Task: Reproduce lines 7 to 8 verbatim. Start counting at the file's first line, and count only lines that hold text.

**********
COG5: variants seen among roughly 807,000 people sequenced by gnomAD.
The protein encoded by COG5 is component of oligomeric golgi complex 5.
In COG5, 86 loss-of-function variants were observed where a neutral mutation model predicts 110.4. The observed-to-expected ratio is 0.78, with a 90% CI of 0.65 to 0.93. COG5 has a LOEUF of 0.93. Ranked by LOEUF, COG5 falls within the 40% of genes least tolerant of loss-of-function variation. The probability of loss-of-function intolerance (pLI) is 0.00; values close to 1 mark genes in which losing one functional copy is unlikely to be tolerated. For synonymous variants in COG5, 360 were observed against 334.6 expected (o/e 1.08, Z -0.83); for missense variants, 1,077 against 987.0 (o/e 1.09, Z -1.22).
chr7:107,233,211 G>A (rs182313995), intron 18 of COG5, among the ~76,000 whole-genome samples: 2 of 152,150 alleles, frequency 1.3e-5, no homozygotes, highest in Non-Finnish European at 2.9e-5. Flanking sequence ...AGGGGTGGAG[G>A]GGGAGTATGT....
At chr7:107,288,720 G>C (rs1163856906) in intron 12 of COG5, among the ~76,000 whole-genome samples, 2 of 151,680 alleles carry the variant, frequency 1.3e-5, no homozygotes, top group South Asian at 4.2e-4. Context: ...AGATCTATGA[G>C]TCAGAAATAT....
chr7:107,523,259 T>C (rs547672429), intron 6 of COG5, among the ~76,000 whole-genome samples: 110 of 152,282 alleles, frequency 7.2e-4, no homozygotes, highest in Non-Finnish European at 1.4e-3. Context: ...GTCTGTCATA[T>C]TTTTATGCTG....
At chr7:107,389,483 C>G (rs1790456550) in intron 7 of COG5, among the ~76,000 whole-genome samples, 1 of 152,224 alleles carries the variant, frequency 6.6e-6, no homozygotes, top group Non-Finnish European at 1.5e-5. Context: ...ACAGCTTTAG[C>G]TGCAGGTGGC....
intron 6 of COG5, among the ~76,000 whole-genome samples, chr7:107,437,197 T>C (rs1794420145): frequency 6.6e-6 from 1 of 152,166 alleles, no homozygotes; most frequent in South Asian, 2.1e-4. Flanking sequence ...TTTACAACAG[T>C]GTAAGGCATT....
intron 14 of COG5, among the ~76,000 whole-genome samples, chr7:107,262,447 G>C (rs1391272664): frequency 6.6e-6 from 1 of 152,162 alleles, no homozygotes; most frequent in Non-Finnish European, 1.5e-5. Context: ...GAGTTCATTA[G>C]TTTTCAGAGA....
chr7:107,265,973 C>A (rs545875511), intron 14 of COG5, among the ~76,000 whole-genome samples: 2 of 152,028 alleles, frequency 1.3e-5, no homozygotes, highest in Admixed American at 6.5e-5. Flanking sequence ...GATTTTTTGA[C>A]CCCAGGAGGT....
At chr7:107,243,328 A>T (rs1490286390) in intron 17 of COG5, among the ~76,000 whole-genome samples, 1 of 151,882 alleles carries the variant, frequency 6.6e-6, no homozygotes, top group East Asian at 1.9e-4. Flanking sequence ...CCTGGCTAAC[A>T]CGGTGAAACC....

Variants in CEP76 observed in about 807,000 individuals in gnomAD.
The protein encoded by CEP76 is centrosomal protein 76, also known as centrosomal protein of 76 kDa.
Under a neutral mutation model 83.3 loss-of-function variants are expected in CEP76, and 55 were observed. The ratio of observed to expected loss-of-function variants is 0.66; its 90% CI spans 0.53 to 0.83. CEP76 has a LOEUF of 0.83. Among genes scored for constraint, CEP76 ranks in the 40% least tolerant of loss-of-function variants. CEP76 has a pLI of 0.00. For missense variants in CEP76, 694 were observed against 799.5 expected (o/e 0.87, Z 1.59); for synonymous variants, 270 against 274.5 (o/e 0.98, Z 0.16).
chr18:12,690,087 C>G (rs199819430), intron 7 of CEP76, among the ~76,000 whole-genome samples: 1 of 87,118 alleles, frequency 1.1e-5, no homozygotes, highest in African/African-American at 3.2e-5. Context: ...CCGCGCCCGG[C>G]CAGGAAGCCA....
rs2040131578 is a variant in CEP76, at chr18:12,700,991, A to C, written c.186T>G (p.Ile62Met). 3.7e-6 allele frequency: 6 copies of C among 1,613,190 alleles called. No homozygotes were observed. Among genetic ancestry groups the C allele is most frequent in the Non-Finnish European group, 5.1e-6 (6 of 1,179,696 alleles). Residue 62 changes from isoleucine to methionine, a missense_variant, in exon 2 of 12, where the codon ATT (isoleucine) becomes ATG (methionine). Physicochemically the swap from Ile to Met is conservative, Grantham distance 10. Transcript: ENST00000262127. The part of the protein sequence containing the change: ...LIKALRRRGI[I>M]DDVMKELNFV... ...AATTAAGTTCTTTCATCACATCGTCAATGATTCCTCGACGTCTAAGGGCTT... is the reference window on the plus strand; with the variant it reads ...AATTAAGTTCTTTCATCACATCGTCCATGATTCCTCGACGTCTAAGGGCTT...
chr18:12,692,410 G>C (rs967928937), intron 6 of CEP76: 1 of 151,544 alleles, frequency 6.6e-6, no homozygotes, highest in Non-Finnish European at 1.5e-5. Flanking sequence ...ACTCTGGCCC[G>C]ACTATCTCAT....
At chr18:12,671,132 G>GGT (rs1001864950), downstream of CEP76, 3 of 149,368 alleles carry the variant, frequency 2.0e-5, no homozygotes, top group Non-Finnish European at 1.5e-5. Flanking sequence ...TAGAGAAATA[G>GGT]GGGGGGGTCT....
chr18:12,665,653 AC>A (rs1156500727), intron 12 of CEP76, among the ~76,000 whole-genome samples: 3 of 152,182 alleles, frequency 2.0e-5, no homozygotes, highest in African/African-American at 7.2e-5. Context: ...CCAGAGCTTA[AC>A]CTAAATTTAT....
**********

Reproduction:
At chr7:107,389,483 C>G (rs1790456550) in intron 7 of COG5, among the ~76,000 whole-genome samples, 1 of 152,224 alleles carries the variant, frequency 6.6e-6, no homozygotes, top group Non-Finnish European at 1.5e-5. Context: ...ACAGCTTTAG[C>G]TGCAGGTGGC....
intron 6 of COG5, among the ~76,000 whole-genome samples, chr7:107,437,197 T>C (rs1794420145): frequency 6.6e-6 from 1 of 152,166 alleles, no homozygotes; most frequent in South Asian, 2.1e-4. Flanking sequence ...TTTACAACAG[T>C]GTAAGGCATT....